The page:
• 02:44

      PROFESSOR RICHARD MANSBACH [continued]: and therefore the ability of the United Statesto export and import goods in foreign countries.Secondly, the spread of knowledge and skillsin unprecedented ways and an explosionin national transnational political participation,owing to the new technologies-- for example,

    • 03:04

      PROFESSOR RICHARD MANSBACH [continued]: blogs, online voting, mobilizationof protests in cyberspace, all of which provideinfinite information and opinion from sourcesof all political coloration.No longer is political discourse limited to voting for,contributing to, or writing letters to candidates.

    • 03:25

      PROFESSOR RICHARD MANSBACH [continued]: Indeed, protests in Kiev, Ukrainelast year were organized not by folks meeting in rooms,but by email, by cellphones, by social media.Many of these people had never met one another.Three, the triumph of capitalism in the emergence

    • 03:45

      PROFESSOR RICHARD MANSBACH [continued]: of global markets that transcend state boundaries and limitstates control of their own economiesas firms and countries compete globallyby lowering cost-- with one computerand an internet connection, folks can invest in move fundsalmost instantly, thereby sometimes bringing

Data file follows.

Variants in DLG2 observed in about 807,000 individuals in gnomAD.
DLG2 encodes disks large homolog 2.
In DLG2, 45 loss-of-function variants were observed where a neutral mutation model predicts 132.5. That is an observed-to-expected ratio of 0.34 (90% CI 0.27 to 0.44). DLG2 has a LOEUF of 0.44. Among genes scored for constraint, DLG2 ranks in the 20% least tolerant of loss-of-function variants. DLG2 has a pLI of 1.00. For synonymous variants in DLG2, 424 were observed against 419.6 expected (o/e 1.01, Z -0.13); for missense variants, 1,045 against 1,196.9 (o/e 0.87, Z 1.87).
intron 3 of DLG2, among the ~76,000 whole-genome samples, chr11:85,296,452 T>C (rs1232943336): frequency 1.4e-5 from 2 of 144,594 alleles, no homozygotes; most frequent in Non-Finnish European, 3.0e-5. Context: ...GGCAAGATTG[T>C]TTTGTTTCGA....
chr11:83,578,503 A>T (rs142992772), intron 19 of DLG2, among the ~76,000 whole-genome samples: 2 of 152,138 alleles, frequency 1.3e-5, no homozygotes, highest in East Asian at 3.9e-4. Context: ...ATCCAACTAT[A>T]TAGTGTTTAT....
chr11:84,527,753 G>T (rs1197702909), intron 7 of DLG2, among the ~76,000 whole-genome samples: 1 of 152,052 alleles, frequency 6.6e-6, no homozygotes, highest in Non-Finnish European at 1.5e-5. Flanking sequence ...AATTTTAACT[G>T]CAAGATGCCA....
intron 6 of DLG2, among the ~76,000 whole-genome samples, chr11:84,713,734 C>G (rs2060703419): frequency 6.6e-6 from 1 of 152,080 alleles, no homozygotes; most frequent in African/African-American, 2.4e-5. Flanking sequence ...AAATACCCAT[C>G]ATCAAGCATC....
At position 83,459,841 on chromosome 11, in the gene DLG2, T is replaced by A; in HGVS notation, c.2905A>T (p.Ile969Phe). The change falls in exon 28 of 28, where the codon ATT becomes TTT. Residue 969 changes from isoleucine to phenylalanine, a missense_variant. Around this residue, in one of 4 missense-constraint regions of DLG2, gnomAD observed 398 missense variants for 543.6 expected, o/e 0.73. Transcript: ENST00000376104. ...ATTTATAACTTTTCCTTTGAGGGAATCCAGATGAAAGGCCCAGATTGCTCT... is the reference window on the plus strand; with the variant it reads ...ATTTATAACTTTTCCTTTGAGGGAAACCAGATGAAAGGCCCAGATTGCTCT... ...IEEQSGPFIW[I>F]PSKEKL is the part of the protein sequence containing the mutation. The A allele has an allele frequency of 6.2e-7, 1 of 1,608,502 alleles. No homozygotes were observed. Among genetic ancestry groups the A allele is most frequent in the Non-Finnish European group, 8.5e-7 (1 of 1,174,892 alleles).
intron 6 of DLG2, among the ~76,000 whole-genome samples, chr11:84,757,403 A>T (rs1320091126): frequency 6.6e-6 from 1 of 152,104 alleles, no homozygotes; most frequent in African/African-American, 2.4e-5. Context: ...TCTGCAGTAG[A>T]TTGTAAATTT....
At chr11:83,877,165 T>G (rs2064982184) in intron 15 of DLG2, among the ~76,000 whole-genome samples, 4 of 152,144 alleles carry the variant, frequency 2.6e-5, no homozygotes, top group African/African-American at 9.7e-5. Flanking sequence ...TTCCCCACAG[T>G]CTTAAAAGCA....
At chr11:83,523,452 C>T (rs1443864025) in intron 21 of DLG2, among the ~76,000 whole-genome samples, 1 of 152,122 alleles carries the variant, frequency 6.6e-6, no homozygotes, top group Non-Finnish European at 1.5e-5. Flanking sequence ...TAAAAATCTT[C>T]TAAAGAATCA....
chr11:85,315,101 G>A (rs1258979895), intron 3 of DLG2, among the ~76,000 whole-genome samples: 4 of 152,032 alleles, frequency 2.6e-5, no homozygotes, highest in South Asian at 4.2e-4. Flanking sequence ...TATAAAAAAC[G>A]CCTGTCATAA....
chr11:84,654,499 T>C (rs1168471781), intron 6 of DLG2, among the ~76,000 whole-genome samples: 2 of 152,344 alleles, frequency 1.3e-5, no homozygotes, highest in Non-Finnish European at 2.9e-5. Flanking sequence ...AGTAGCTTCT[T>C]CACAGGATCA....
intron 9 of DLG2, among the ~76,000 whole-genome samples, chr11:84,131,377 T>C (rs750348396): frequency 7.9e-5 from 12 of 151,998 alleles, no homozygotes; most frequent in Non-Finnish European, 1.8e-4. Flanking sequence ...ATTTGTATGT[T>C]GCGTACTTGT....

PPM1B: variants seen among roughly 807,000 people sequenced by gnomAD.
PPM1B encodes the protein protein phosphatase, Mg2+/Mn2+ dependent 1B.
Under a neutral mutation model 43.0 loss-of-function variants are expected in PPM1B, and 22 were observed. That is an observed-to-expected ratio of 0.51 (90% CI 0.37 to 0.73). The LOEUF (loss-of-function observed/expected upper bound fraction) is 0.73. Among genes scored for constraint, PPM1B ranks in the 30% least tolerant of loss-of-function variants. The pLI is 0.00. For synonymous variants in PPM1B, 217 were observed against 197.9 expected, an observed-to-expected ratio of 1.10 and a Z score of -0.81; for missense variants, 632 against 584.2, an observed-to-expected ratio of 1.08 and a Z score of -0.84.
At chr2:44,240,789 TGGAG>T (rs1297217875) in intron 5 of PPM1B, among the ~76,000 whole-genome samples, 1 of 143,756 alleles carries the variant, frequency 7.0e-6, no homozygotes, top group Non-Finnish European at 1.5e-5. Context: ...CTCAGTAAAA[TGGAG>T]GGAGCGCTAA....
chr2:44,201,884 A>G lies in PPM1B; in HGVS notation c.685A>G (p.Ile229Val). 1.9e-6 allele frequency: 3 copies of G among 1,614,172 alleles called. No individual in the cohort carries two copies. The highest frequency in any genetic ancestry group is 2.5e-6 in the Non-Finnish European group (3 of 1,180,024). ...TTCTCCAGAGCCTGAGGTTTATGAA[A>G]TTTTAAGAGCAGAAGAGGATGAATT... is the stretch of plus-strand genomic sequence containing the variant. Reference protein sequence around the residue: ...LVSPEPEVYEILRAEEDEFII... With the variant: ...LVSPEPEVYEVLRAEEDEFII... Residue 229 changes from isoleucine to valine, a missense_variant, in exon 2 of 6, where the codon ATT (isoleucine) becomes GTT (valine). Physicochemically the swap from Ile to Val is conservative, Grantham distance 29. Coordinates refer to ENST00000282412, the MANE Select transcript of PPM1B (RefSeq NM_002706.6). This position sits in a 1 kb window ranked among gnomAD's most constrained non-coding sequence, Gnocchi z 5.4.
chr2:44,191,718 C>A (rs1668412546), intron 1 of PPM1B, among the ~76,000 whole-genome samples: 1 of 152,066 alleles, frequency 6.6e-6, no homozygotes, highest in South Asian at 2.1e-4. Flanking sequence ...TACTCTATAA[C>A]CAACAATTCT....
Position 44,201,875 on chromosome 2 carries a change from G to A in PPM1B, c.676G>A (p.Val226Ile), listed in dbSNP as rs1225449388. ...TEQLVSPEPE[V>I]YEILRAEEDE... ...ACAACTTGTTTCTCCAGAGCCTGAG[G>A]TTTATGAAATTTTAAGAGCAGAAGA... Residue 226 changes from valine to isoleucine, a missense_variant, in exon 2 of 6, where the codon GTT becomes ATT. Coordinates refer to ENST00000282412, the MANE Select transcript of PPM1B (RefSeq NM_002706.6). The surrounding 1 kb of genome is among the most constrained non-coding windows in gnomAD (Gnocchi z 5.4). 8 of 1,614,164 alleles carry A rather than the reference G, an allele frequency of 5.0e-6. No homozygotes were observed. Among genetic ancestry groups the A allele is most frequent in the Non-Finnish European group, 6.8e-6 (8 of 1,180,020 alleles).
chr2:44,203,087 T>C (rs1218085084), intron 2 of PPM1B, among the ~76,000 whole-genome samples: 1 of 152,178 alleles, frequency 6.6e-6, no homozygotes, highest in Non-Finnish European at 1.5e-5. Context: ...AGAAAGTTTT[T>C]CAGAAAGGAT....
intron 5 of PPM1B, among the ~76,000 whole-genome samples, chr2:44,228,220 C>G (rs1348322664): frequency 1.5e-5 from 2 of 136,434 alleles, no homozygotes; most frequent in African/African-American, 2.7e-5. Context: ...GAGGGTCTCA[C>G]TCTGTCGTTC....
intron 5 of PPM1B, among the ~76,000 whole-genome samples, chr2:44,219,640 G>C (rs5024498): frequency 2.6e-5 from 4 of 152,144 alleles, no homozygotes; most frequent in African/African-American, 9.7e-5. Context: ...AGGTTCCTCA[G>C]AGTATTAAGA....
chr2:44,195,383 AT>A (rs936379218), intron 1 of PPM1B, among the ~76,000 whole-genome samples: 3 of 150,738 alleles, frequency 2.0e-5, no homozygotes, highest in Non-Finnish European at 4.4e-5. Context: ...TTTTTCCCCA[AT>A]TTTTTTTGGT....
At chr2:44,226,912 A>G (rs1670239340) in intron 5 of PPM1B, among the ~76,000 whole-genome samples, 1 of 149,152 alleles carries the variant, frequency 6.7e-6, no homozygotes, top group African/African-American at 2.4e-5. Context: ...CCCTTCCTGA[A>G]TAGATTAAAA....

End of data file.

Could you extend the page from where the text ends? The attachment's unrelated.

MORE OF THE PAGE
• 04:08

      PROFESSOR RICHARD MANSBACH [continued]: about the collapse of currencies or causing precipitous dropsin stock markets, literally in the wink of an eye.With a computer and an internet connection, we can invest,we can move funds almost, well almost, instantaneously,and thereby, as I said, bring about the collapse

    • 04:28

      PROFESSOR RICHARD MANSBACH [continued]: of currencies or stock markets almost immediately.Four, the spread of global cultures-- peopleeat, dress, and conduct business in the same way.And Us and Western norms, like individualism and consumerism,spread, undermining traditional elites

    • 04:49

      PROFESSOR RICHARD MANSBACH [continued]: and traditional religious beliefs.Highly educated, global, professional political andeconomic elites across the world travel first class,talk to each other to each other in Englishby phone, email, and social media,and communicate more frequently and easilywith foreign members of these elites

    • 05:10